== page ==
Hungary catches the wave in international debt market return

By bne IntelliNews February 13, 2013

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Hungary finally sold its first issue of international debt in nearly two years on February 12 as it rode the continued wave of liquidity to raise $3.25bn from the sale of 5- and 10-year bonds, despite the breakdown of talks over a bailout with the International Monetary Fund (IMF).

Budapest sold $2bn worth of 10-year paper at a yield 345 basis points (bp) above US Treasuries, while a $1.25bn tranche of five-year bonds sold at a spread of 335bp, reports Bloomberg. Both issues tightened 10bp below initial pricing, to offer spreads unimaginable six months ago.

Back then, Hungary was locked in recession, struggling under the highest debt burden in CEE, at odds with banks and investors, legally challenged by the EU over constitutional changes, and failing to get the IMF to even talk to it over a bailout. None of that has changed much, but the hunt for yield around the globe has boosted Hungary's yields and the forint over the last few months.

Long suspected of "doing a Turkey" - claiming to be after a loan programme from the IMF in order to keep the markets off its back until it could regain access to the international markets - Budapest grew more belligerent with the Washington-based lender in late 2012 as it watched its Visegrad peers recording record low yields. That saw the IMF back off, but the pressure of the cash from the US Federal Reserve and European Central Bank - as well as fiscal management measures enforced by Brussels - kept the markets calm.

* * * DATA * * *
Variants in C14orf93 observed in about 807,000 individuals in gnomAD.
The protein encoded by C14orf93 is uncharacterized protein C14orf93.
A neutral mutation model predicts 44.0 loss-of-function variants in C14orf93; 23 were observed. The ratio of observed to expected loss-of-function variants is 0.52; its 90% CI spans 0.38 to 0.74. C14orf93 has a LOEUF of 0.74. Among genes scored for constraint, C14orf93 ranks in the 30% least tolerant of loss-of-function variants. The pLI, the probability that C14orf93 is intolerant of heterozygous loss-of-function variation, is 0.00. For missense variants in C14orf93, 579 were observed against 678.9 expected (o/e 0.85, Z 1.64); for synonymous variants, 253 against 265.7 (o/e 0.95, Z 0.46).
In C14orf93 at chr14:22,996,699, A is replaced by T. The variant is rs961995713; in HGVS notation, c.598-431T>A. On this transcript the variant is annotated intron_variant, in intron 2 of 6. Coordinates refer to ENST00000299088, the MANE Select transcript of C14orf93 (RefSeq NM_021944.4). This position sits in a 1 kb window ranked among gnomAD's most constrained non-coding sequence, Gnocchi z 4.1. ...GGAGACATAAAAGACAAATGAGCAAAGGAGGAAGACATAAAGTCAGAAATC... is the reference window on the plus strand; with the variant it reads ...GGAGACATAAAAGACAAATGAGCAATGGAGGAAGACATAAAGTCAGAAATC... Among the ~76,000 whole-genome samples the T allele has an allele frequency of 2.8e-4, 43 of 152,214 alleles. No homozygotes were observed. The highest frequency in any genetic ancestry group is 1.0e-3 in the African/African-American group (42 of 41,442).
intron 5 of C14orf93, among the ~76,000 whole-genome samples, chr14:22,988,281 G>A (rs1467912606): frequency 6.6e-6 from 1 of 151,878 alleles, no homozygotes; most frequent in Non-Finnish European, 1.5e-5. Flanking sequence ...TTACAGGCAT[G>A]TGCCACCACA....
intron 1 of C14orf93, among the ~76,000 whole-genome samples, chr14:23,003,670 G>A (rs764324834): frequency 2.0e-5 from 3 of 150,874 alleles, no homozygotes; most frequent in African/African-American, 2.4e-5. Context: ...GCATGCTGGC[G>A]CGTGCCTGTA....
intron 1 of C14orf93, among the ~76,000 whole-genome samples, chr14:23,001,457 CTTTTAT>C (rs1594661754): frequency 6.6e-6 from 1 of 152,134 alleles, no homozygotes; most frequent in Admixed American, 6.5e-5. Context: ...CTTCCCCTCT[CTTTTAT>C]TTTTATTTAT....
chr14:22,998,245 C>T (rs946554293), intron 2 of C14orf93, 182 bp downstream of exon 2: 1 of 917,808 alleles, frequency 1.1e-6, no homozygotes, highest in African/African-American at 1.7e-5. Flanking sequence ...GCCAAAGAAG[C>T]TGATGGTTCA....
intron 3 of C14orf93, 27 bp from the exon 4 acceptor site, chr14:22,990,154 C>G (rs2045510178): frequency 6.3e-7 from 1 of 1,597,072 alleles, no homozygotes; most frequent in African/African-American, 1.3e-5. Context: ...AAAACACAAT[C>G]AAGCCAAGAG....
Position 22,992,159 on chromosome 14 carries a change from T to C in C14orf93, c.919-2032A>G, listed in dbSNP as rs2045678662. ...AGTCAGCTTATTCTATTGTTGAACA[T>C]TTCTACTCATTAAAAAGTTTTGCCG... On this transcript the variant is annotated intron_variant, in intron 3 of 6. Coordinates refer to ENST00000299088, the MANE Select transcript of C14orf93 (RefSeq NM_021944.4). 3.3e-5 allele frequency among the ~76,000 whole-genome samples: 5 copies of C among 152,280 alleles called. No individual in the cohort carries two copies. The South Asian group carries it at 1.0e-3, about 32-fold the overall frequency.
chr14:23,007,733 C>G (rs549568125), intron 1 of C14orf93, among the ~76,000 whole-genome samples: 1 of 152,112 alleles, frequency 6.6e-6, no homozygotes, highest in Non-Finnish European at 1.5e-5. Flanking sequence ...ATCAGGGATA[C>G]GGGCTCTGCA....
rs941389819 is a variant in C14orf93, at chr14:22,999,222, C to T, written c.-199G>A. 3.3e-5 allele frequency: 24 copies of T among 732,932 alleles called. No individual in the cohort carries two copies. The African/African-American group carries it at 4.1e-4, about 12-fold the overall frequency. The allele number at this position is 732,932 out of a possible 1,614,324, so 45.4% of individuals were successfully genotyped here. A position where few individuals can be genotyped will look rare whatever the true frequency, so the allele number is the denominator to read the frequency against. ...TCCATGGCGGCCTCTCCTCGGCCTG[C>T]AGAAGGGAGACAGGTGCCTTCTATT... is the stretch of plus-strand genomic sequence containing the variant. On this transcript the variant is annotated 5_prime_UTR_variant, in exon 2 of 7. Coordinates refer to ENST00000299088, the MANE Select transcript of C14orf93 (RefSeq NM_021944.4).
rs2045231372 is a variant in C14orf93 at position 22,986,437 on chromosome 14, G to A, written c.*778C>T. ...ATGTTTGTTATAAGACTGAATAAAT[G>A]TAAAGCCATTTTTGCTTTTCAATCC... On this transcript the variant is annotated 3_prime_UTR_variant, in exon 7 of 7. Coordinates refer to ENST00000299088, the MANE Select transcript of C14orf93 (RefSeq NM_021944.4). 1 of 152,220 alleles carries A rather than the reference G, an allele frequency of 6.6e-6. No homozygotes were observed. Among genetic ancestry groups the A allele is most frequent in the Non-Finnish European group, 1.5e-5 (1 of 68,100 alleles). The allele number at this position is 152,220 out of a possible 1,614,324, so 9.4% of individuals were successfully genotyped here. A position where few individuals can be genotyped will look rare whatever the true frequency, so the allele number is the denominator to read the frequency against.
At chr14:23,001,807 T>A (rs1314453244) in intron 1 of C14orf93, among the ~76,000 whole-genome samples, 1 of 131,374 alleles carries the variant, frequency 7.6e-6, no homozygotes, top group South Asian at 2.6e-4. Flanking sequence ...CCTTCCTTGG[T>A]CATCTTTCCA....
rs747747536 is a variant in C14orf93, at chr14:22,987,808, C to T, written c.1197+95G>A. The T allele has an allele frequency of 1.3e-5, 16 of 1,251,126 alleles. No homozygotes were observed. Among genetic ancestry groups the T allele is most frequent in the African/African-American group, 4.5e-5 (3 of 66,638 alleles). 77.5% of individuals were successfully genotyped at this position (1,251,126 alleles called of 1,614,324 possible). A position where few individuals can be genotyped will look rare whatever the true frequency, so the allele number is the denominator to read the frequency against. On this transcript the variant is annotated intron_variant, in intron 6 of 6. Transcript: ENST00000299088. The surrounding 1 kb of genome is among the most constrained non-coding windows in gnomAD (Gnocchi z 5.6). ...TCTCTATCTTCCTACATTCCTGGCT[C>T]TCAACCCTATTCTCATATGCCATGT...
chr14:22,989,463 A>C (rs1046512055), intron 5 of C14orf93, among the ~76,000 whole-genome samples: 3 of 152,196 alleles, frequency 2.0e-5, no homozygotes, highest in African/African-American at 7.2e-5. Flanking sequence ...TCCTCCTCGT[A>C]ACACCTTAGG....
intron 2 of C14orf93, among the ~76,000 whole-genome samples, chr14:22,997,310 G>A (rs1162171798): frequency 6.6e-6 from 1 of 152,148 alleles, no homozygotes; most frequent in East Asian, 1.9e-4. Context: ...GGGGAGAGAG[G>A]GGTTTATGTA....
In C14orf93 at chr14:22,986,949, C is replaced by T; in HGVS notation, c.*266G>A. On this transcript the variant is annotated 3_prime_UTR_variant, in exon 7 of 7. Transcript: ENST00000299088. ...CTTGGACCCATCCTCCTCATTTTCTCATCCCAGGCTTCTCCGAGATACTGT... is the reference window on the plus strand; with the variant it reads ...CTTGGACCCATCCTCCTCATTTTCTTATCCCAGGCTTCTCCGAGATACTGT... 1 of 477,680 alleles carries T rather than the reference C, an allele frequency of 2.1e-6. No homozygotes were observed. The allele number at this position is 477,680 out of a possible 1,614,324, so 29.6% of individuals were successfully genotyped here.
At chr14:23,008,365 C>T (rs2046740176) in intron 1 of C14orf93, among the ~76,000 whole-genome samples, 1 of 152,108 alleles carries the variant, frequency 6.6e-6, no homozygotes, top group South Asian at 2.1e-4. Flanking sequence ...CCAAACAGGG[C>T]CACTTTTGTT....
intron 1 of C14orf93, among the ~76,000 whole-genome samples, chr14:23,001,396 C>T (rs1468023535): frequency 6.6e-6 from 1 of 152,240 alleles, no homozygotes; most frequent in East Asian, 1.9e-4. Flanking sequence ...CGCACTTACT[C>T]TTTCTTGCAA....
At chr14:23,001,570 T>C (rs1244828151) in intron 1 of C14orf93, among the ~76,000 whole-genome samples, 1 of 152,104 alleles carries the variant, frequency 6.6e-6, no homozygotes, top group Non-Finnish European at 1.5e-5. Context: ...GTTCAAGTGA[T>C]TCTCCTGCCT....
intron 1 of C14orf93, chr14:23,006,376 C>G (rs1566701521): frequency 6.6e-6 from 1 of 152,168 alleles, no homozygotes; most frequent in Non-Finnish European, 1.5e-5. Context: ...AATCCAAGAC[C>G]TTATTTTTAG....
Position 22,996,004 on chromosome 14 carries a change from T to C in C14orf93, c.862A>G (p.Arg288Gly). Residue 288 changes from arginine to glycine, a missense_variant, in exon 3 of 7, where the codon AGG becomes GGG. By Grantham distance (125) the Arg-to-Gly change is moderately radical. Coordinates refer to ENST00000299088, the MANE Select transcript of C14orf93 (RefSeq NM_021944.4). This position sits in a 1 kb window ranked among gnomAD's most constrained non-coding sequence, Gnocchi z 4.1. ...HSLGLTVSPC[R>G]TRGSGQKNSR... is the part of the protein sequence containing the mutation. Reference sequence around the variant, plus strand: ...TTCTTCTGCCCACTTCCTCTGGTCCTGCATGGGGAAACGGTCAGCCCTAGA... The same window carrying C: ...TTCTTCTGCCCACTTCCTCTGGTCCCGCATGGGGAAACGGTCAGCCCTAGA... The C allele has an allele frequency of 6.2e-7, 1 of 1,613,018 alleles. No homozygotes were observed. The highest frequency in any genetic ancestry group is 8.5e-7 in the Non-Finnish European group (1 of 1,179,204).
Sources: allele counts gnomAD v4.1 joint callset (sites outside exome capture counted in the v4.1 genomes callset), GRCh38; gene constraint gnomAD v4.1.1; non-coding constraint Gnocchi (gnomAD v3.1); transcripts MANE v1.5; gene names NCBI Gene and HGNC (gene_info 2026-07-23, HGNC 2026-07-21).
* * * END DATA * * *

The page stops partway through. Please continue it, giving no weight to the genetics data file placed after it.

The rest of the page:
However, the country's first return to the international markets since May 2011 was always the real test. With Hungary facing a huge repayment schedule of €5.1bn this year - much of it to the IMF under a 2008 loan - and dwindling international reserves, a tap of the first quarter emerging market rally has been on the cards for some time.

However, the proof of the pudding is in the eating, and analysts have welcomed that Budapest has finally got the issue away successfully, saying they expect the effects of the sale to ripple out. "Hungary has covered 40% of its FX refinancing needs this year ($7.5bn in total)," point out analysts at Equilor. "[The forint] appreciated on the leaking information yesterday and we still expect some further strengthening."

At the same time, Erste points out there are still significant risks to the currency, in particular concentrated on the ongoing easing cycle being forced through the central bank and the naming of a new governor in March. "In the short run, this could trigger some appreciation on Hungarian markets," they admit. "However, we think that the longer-term outlook for the forint and 10-year yields remains uncertain, given the continued rate cuts and the still unknown steps of the new leadership in the central bank. We expect 10y yields to rise to 6.7% and EUR/HUF to be around 295 at years-end."

Hungary has benefited "tremendously" from the "global tide" of liquidity and the government's fiscal commitment, Iryna Ivaschenko, the IMF's representative in Budapest said according to Bloomberg. However, she added, the country remains "susceptible to sudden changes in investor sentiment."

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